To operate and maintain the transmission lines safely and reliably, VELCO must clear the land under and around the lines. Using approved plans, and under supervision of VELCO personnel, crews carefully remove trees and brush. Brush is chipped in the right-of-way and logs are windrowed, (stacked in a pile along the edge of the right-of-way) for the landowner’s use. The clearing is performed to minimize disturbances to streams, wetlands, and other sensitive areas. Selective Clearing occurs in the specific sections of the right-of-way designated for special vegetative treatment. These areas are those immediately adjacent to stream crossings, wetlands, highways, and other areas with special environmental or aesthetic concerns. In these areas, trees that will not grow to a height of more than 12 feet are allowed to remain to the greatest extent possible.
Trees along the outside of the corridor are also assessed to determine their ability to have an impact on safety and reliability in the event the tree fails and falls into the line. These are referred to as danger trees, but even if identified as such, not all danger trees that have the potential to hit the line are removed. Danger tree removal is determined by criteria that include species, soil, health and growth pattern conditions.
Following construction, the right-of-way is maintained in such a way as to respect the environment and ensure a reliable flow of electricity along the transmission lines by following a strict program of vegetation management. VELCO selectively controls vegetation growth in a transmission line right-of-way in a manner that maintains the integrity of the landscape. The resulting right-of-way provides an ideal habitat for many species of wildlife that otherwise would not be able to flourish in Vermont’s environment.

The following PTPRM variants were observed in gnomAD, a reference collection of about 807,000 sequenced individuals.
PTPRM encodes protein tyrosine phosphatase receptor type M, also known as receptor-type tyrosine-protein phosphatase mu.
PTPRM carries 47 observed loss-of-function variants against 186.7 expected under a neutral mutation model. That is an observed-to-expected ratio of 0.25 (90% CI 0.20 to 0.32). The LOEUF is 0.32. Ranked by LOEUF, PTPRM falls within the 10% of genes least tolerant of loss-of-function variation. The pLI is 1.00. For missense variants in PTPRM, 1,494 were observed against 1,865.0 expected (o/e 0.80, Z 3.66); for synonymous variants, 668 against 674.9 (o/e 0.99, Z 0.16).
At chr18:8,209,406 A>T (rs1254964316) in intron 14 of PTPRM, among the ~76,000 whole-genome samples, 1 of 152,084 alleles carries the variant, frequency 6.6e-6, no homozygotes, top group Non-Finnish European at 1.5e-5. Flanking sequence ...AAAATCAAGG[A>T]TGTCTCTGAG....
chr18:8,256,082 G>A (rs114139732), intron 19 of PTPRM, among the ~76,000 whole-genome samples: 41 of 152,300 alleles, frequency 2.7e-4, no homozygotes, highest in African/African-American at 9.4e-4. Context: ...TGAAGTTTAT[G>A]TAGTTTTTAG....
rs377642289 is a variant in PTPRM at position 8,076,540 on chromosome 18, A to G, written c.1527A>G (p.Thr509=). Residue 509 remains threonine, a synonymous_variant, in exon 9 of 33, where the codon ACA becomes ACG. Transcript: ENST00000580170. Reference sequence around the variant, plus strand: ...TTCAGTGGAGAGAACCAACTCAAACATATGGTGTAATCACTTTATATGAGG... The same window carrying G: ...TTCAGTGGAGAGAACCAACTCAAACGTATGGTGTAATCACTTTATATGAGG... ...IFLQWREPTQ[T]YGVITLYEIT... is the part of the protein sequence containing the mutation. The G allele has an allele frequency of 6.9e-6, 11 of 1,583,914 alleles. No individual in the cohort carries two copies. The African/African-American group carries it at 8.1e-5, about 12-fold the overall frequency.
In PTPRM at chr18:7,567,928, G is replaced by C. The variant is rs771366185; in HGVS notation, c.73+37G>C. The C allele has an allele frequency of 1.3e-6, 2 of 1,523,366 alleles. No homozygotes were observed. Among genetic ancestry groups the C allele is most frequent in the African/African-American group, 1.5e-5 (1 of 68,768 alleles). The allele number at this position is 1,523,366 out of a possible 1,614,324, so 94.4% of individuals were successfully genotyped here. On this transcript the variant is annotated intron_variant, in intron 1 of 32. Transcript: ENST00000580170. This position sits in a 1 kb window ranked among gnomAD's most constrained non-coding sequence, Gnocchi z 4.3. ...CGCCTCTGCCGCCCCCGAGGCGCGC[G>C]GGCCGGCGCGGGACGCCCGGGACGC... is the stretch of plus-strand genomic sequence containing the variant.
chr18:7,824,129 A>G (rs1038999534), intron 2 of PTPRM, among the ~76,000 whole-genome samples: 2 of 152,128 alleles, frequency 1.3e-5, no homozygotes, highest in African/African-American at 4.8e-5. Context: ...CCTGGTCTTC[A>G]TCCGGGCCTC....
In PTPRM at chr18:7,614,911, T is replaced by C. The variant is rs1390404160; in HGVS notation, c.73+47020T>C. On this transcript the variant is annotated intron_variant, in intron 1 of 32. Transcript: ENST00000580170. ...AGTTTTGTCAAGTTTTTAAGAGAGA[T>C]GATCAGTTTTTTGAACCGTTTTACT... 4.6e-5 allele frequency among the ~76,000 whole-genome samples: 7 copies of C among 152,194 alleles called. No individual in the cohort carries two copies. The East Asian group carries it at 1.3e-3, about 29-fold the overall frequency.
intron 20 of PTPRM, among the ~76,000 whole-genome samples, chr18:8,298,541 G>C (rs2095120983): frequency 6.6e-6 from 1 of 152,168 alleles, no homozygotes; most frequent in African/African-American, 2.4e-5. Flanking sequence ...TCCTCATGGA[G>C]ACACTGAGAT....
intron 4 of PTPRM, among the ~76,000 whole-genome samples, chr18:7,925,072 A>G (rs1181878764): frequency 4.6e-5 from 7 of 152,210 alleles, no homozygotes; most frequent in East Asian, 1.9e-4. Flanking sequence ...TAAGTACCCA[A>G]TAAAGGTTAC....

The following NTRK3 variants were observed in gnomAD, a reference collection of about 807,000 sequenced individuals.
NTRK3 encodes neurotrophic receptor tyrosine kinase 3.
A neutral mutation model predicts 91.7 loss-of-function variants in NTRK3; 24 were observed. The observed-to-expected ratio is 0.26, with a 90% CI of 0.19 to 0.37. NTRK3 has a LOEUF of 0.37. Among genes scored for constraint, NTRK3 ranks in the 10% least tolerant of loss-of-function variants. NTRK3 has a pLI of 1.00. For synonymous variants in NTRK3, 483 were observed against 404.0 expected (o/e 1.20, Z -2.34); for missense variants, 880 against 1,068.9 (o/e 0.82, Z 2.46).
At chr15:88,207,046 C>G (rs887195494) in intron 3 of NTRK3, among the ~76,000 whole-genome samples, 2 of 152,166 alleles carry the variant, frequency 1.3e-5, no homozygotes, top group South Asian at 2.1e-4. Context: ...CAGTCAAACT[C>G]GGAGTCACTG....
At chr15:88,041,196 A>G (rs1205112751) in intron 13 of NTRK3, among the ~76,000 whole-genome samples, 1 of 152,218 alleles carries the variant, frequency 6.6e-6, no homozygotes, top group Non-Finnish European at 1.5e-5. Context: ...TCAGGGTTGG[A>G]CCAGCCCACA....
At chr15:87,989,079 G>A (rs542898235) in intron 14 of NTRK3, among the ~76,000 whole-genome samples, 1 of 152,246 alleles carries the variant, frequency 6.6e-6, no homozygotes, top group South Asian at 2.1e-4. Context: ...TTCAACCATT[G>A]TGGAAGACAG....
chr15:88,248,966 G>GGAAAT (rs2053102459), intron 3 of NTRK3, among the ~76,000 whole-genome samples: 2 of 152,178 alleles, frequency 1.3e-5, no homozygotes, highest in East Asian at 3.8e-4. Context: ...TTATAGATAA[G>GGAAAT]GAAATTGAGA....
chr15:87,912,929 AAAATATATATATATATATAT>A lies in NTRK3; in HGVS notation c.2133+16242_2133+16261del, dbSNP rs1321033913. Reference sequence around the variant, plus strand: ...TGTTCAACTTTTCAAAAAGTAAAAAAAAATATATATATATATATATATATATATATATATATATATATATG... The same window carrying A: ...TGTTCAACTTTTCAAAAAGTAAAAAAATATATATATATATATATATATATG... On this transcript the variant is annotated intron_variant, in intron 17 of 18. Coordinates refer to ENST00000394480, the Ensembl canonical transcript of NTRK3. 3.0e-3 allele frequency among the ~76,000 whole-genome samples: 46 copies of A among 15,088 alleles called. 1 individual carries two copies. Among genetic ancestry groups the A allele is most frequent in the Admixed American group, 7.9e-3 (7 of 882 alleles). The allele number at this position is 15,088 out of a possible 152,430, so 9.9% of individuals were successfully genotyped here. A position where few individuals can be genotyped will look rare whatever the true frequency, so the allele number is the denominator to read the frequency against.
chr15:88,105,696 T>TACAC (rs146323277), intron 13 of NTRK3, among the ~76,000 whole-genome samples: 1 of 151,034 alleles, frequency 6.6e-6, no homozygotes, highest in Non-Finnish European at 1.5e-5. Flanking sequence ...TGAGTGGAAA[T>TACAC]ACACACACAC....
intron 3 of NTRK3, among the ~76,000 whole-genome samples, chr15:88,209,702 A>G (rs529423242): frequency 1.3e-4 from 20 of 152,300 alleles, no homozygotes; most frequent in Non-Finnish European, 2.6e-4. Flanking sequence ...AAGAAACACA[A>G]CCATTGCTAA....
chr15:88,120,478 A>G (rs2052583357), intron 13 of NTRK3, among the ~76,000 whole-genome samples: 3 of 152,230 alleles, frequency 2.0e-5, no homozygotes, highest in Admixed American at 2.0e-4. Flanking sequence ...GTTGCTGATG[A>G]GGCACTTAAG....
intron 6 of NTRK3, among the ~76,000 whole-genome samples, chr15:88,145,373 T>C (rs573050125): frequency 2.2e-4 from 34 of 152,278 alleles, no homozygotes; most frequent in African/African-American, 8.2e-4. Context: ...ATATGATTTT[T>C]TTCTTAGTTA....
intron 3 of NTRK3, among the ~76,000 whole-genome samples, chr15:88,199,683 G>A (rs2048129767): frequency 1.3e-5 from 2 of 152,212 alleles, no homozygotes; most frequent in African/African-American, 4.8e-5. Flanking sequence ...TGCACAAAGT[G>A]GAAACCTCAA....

This vegetation-control program is an Integrated Vegetation Management Program which calls for the use of best management practices over a four-year cycle. The plan is re-evaluated every four years to account for changes in vegetation growth in the rights-of-way, and improvements in vegetation management techniques.
Prior to vegetation management work, rights-of-way are patrolled and management techniques are selected. Integrated Vegetation Management techniques are determined by safety, health, environmental concerns, efficiency, and economic considerations. Methods used to maintain the vegetation include mechanical clearing with equipment such as chainsaws, brush saws, or mowing machines and, in some areas, the selective use of herbicides.
All grasses, herbs, most shrubs and some low-mature-height trees are normally considered desirable and encouraged to grow. Undesirable tall growing species of trees are removed, allowing the low growing desirable species of trees and shrubs to edge out the undesirables. Trees that will grow to a height of more than 12 feet must be selectively controlled or removed to avoid interference with the line and maintain accessibility to the line for maintenance operations.
The herbicides used to control the vegetation are tightly controlled. Each year, VELCO must receive a permit from the Vermont Department of Agriculture, Food and Markets that reflect the latest scientific analysis before it can begin herbicide applications on the rights-of-way. Herbicide applications are made using low volume techniques to individual undesirable species of trees by Vermont Certified Applicators. Field inspections by the Vermont Agency of Agriculture ensure regulations are being followed. VELCO supports this control measure as the most environmentally sound approach. Landowners, nonetheless, may require VELCO to not use herbicides if they so choose.